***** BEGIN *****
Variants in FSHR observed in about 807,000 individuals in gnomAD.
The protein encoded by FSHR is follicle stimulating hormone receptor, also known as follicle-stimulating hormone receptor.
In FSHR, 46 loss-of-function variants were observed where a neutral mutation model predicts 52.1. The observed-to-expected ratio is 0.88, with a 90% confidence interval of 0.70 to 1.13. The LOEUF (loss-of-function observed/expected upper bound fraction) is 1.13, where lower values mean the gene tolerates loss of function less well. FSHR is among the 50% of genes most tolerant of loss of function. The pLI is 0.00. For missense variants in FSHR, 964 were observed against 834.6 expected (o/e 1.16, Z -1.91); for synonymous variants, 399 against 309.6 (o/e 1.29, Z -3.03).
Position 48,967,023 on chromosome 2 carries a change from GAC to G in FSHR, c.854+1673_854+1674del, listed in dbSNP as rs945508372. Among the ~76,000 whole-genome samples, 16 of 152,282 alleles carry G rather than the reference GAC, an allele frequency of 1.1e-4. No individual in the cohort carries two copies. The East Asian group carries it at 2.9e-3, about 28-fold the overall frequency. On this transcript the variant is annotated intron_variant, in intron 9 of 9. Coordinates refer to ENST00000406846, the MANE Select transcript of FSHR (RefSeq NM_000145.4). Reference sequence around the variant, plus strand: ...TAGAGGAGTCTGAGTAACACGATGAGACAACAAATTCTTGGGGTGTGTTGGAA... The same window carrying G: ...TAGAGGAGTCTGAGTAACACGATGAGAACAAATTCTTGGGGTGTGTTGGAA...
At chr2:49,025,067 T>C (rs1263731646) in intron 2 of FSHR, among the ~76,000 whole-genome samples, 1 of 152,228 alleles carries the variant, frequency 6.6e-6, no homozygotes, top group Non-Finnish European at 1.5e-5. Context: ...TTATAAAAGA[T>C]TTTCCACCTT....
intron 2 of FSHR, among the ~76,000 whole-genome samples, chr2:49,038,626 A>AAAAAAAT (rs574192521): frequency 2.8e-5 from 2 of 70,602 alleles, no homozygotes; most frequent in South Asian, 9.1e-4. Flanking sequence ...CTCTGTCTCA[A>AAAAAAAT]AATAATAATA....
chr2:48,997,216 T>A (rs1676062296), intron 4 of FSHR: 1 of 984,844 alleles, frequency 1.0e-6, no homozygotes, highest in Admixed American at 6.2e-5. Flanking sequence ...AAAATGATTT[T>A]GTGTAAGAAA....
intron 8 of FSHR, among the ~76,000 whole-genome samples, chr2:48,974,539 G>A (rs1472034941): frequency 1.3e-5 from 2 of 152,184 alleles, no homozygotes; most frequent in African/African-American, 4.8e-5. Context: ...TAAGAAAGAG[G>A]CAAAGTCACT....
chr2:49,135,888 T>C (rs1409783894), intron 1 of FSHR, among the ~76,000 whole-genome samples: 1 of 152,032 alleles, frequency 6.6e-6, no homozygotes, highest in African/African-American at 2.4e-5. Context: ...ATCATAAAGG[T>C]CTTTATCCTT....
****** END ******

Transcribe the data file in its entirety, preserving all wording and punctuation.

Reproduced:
Variants in FSHR observed in about 807,000 individuals in gnomAD.
The protein encoded by FSHR is follicle stimulating hormone receptor, also known as follicle-stimulating hormone receptor.
In FSHR, 46 loss-of-function variants were observed where a neutral mutation model predicts 52.1. The observed-to-expected ratio is 0.88, with a 90% confidence interval of 0.70 to 1.13. The LOEUF (loss-of-function observed/expected upper bound fraction) is 1.13, where lower values mean the gene tolerates loss of function less well. FSHR is among the 50% of genes most tolerant of loss of function. The pLI is 0.00. For missense variants in FSHR, 964 were observed against 834.6 expected (o/e 1.16, Z -1.91); for synonymous variants, 399 against 309.6 (o/e 1.29, Z -3.03).
Position 48,967,023 on chromosome 2 carries a change from GAC to G in FSHR, c.854+1673_854+1674del, listed in dbSNP as rs945508372. Among the ~76,000 whole-genome samples, 16 of 152,282 alleles carry G rather than the reference GAC, an allele frequency of 1.1e-4. No individual in the cohort carries two copies. The East Asian group carries it at 2.9e-3, about 28-fold the overall frequency. On this transcript the variant is annotated intron_variant, in intron 9 of 9. Coordinates refer to ENST00000406846, the MANE Select transcript of FSHR (RefSeq NM_000145.4). Reference sequence around the variant, plus strand: ...TAGAGGAGTCTGAGTAACACGATGAGACAACAAATTCTTGGGGTGTGTTGGAA... The same window carrying G: ...TAGAGGAGTCTGAGTAACACGATGAGAACAAATTCTTGGGGTGTGTTGGAA...
At chr2:49,025,067 T>C (rs1263731646) in intron 2 of FSHR, among the ~76,000 whole-genome samples, 1 of 152,228 alleles carries the variant, frequency 6.6e-6, no homozygotes, top group Non-Finnish European at 1.5e-5. Context: ...TTATAAAAGA[T>C]TTTCCACCTT....
intron 2 of FSHR, among the ~76,000 whole-genome samples, chr2:49,038,626 A>AAAAAAAT (rs574192521): frequency 2.8e-5 from 2 of 70,602 alleles, no homozygotes; most frequent in South Asian, 9.1e-4. Flanking sequence ...CTCTGTCTCA[A>AAAAAAAT]AATAATAATA....
chr2:48,997,216 T>A (rs1676062296), intron 4 of FSHR: 1 of 984,844 alleles, frequency 1.0e-6, no homozygotes, highest in Admixed American at 6.2e-5. Flanking sequence ...AAAATGATTT[T>A]GTGTAAGAAA....
intron 8 of FSHR, among the ~76,000 whole-genome samples, chr2:48,974,539 G>A (rs1472034941): frequency 1.3e-5 from 2 of 152,184 alleles, no homozygotes; most frequent in African/African-American, 4.8e-5. Context: ...TAAGAAAGAG[G>A]CAAAGTCACT....
chr2:49,135,888 T>C (rs1409783894), intron 1 of FSHR, among the ~76,000 whole-genome samples: 1 of 152,032 alleles, frequency 6.6e-6, no homozygotes, highest in African/African-American at 2.4e-5. Context: ...ATCATAAAGG[T>C]CTTTATCCTT....